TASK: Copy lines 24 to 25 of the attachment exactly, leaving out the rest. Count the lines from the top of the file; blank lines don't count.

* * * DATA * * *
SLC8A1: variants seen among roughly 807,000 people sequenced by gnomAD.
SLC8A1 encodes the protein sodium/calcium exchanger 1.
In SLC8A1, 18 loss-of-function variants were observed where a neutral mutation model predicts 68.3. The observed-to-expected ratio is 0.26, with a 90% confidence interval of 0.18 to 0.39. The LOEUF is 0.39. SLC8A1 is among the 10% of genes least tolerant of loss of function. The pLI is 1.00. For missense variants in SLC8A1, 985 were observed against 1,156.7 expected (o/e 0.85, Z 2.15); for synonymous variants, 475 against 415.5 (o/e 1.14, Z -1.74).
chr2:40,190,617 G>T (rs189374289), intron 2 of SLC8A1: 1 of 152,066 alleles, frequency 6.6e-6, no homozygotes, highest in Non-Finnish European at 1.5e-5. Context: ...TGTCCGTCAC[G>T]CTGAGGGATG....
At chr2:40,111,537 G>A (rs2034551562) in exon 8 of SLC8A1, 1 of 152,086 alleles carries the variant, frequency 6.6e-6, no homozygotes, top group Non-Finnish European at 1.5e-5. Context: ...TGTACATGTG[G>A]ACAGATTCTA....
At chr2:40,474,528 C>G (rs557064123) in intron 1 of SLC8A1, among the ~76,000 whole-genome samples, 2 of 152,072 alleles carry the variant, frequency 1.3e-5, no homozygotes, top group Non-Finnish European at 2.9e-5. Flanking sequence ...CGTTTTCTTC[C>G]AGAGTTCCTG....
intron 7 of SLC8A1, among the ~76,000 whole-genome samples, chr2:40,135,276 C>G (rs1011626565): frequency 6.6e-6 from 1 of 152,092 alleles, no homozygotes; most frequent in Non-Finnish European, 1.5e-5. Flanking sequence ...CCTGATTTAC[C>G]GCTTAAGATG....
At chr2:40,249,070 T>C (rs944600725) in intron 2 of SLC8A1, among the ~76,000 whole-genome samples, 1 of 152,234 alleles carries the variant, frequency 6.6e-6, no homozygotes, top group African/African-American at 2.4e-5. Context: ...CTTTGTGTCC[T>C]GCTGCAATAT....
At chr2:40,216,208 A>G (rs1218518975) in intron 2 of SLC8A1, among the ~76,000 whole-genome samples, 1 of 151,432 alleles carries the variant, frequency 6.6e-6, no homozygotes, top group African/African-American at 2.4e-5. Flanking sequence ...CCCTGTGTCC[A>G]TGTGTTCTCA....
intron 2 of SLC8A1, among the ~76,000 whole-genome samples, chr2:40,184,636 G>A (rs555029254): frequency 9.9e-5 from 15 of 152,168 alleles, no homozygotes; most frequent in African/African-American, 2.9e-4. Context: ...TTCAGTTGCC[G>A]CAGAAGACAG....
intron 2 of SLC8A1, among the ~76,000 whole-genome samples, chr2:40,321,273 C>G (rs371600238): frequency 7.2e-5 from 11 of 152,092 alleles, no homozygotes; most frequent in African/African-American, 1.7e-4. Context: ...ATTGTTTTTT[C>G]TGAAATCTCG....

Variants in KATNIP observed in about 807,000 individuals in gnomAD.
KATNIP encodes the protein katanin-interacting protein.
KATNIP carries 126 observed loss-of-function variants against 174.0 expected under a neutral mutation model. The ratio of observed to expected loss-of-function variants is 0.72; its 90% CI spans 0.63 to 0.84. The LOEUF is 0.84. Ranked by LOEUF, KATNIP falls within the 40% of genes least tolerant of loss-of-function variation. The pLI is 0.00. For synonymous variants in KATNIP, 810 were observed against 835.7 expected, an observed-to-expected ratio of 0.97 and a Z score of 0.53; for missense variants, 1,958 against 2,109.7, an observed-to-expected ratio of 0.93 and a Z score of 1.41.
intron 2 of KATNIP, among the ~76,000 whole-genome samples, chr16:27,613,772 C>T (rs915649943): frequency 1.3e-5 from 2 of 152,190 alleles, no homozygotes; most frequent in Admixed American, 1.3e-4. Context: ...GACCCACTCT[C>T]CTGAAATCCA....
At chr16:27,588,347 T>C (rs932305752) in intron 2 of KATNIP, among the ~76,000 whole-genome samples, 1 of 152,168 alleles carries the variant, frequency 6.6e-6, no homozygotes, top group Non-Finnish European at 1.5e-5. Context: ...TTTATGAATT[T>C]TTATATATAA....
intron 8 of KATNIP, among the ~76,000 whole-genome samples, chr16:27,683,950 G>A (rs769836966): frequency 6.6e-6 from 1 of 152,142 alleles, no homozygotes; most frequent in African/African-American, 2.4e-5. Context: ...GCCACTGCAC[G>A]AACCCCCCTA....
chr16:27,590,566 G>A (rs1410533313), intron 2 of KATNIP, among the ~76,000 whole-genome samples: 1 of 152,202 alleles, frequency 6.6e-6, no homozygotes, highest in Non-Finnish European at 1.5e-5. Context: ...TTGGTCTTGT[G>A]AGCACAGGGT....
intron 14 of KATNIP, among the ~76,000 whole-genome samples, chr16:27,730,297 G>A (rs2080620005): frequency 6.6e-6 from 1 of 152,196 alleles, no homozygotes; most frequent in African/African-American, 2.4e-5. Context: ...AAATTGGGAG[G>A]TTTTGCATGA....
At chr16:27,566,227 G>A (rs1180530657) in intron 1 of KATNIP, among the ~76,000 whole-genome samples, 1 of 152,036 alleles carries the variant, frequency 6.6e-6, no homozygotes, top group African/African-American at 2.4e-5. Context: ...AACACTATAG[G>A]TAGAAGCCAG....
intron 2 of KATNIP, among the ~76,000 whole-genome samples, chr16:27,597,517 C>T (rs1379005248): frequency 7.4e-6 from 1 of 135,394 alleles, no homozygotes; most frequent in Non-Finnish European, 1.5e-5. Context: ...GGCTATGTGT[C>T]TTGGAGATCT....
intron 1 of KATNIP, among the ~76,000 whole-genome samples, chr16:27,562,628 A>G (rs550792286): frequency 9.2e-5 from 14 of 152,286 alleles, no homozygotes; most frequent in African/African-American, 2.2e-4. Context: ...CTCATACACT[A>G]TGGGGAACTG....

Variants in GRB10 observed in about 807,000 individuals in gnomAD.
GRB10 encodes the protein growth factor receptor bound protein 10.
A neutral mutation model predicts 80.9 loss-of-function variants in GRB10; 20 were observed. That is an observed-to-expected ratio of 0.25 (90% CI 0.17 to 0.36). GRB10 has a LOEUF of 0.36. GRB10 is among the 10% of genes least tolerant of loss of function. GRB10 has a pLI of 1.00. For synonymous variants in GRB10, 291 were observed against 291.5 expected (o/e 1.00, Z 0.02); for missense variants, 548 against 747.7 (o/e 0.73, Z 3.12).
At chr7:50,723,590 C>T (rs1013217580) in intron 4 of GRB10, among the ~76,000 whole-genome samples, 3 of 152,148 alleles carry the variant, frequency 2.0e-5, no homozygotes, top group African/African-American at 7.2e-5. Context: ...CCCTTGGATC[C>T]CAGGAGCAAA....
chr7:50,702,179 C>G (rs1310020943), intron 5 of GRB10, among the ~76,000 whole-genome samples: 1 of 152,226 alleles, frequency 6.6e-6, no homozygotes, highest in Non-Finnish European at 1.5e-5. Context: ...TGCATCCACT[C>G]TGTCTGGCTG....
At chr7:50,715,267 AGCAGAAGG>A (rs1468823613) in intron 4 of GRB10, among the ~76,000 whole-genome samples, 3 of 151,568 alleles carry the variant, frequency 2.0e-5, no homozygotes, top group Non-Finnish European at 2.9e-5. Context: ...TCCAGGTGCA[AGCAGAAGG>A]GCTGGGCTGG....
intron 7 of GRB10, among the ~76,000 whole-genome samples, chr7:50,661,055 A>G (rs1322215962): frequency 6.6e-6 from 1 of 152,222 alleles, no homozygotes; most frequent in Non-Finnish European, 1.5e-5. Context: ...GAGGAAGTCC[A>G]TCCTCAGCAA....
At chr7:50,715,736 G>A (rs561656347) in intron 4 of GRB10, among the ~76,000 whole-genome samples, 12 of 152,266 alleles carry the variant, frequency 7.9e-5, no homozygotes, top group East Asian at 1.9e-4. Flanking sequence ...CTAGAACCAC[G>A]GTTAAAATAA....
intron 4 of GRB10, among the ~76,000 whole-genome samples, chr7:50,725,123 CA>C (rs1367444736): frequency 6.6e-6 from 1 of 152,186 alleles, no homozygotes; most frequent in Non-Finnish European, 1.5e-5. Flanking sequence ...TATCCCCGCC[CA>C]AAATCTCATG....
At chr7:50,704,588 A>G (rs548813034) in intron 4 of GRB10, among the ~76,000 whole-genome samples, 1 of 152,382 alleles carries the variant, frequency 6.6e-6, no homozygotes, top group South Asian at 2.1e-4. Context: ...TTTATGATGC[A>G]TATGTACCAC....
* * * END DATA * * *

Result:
GRB10 encodes the protein growth factor receptor bound protein 10.
A neutral mutation model predicts 80.9 loss-of-function variants in GRB10; 20 were observed. That is an observed-to-expected ratio of 0.25 (90% CI 0.17 to 0.36). GRB10 has a LOEUF of 0.36. GRB10 is among the 10% of genes least tolerant of loss of function. GRB10 has a pLI of 1.00. For synonymous variants in GRB10, 291 were observed against 291.5 expected (o/e 1.00, Z 0.02); for missense variants, 548 against 747.7 (o/e 0.73, Z 3.12).